God’s generosity cannot be out-done. It is overflowing. Abundant. Without measure. This is the image of God that comes to me at the consecration of the Eucharist at Mass. There, on the Altar as the wine and bread become the Body and Blood of Jesus, in the words of Saint Thomas Aquinas:
O hidden God, truly hidden beneath these appearances…sight, touch, taste are all deceived in their judgment of you…
There, in the Chalice and on the Paten, God’s generosity is manifested in a way our senses fail to recognize; indescribable grace flows from Jesus’ true presence, like the waters flowing abundantly from the temple (Ezekiel 47).
Today’s first reading (Aug 10 – Feast of St Lawrence) speaks along these lines. We are called to sow bountifully, and God in His abundance provides the means for the work:
The point is this: he who sows sparingly will also reap sparingly, and he who sows bountifully will also reap bountifully. Each one must do as he has made up his mind, not reluctantly or under compulsion, for God loves a cheerful giver. And God is able to provide you with every blessing in abundance, so that you may always have enough of everything and may provide in abundance for every good work. As it is written, “He scatters abroad, he gives to the poor; his righteousness endures for ever.” He who supplies seed to the sower and bread for food will supply and multiply your resources and increase the harvest of your righteousness. – 2 Cor 9:6-10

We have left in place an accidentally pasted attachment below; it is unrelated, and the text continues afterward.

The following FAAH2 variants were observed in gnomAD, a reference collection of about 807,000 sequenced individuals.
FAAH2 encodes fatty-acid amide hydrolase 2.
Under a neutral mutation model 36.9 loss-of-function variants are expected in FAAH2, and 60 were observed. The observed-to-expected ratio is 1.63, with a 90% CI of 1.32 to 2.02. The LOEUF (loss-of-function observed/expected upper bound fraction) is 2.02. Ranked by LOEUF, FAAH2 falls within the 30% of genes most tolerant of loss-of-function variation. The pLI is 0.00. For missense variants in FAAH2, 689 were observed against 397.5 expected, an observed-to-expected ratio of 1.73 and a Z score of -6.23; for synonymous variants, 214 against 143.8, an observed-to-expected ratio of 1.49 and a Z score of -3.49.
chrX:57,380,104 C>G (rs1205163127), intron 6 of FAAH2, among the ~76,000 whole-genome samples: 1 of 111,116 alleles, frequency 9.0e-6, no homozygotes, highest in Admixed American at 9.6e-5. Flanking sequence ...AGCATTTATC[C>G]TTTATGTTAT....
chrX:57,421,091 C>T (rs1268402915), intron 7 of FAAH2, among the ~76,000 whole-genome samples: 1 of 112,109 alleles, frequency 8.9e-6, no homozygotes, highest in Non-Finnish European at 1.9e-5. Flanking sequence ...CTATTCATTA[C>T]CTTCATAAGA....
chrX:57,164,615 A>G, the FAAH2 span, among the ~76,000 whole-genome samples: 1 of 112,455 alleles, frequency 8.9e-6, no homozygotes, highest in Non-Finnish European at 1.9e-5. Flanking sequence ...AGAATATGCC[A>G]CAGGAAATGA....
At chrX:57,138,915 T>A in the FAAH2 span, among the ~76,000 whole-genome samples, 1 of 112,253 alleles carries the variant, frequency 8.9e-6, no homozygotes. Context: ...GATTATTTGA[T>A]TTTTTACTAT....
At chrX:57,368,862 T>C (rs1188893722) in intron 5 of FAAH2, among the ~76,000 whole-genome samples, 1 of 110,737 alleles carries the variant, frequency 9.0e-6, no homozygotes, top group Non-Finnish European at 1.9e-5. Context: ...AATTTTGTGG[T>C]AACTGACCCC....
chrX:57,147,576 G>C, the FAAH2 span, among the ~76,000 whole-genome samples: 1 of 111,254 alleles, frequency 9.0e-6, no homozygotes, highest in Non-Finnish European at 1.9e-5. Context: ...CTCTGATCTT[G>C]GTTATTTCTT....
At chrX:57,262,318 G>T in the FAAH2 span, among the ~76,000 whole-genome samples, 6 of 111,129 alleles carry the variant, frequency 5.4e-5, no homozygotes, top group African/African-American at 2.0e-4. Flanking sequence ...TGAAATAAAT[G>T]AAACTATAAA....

No matter how generous we are, God is ever the more generous, not to be out-done. God’s boundless outpouring is the means of our success, our “harvest of righteousness”.
Yet, the invitation is intensified in the Gospel of John 12:24-26. Jesus challenges us to be generous without measure, like a “grain of wheat falls to the ground and dies…it produces much fruit.”
Falling, dying to self, is fruitful. Just as it was for Christ to die on a tree, only to have that tree be the root of abundant harvest; of abundant life.
If we attempt to comprehend God’s goodness we will find ourselves desiring to follow his example, even to die to ourselves, and in our dying, bear much, much fruit.